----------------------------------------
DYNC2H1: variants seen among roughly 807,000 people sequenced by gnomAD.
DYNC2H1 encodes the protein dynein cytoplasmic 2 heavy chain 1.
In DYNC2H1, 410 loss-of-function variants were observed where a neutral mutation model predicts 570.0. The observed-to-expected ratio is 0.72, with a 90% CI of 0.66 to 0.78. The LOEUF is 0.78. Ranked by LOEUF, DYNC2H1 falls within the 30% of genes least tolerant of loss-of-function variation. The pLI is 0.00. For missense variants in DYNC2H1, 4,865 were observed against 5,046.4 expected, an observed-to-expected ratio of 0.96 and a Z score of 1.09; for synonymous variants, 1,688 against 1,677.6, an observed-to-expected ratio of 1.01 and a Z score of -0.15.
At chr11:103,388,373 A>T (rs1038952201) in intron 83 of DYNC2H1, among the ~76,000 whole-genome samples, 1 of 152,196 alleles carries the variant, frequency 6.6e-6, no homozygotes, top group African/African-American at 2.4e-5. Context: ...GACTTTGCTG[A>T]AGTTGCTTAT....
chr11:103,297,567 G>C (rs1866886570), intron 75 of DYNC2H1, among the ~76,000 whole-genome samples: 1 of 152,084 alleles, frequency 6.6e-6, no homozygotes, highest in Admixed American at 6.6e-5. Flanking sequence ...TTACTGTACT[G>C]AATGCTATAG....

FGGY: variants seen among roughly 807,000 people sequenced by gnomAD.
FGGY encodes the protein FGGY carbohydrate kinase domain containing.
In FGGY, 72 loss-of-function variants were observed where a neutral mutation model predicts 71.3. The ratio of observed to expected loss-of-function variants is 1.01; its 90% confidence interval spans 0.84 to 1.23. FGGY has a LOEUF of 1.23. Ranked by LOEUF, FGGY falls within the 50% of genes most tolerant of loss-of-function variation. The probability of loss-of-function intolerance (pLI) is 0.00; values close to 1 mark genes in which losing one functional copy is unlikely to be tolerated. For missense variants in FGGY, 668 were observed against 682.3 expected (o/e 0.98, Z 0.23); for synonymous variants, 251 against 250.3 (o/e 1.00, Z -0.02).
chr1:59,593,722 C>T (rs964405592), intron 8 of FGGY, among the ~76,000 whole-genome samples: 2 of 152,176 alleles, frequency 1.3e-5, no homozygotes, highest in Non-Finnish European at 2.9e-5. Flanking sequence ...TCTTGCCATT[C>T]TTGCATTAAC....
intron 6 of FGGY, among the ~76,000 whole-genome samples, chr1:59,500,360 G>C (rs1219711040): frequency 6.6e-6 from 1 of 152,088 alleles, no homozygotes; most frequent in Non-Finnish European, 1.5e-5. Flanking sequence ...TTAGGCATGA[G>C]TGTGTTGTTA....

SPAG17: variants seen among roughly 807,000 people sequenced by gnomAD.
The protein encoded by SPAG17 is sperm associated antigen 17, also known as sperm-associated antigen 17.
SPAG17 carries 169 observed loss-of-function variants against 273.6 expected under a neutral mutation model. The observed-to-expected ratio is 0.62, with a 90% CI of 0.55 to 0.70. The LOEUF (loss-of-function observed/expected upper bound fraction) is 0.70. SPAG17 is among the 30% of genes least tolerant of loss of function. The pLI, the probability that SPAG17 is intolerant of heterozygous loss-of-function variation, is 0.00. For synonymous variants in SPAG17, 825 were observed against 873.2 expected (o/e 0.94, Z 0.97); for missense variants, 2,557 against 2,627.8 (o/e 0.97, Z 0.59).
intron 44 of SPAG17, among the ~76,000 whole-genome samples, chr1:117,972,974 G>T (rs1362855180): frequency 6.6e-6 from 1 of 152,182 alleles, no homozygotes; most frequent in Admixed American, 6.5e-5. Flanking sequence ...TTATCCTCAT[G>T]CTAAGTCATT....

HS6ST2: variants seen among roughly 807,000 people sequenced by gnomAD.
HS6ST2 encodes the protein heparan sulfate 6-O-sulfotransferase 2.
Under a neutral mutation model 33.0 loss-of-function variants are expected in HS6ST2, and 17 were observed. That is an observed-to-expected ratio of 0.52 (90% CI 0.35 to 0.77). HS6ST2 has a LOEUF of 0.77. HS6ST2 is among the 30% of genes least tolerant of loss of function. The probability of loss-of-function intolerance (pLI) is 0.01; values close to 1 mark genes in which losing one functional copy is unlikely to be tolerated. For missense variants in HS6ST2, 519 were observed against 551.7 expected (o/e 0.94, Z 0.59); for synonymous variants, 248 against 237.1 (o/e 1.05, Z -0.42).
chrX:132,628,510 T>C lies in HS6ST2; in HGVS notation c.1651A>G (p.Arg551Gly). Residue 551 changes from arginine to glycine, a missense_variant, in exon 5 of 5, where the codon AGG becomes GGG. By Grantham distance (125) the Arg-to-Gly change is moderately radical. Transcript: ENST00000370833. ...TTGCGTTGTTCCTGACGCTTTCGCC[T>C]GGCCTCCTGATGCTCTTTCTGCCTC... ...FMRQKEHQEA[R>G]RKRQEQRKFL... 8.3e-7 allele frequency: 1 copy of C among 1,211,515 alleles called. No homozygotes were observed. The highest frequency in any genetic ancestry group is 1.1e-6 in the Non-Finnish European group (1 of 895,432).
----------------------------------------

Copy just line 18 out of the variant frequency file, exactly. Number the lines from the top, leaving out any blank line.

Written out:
chrX:132,628,510 T>C lies in HS6ST2; in HGVS notation c.1651A>G (p.Arg551Gly). Residue 551 changes from arginine to glycine, a missense_variant, in exon 5 of 5, where the codon AGG becomes GGG. By Grantham distance (125) the Arg-to-Gly change is moderately radical. Transcript: ENST00000370833. ...TTGCGTTGTTCCTGACGCTTTCGCC[T>C]GGCCTCCTGATGCTCTTTCTGCCTC... ...FMRQKEHQEA[R>G]RKRQEQRKFL... 8.3e-7 allele frequency: 1 copy of C among 1,211,515 alleles called. No homozygotes were observed. The highest frequency in any genetic ancestry group is 1.1e-6 in the Non-Finnish European group (1 of 895,432).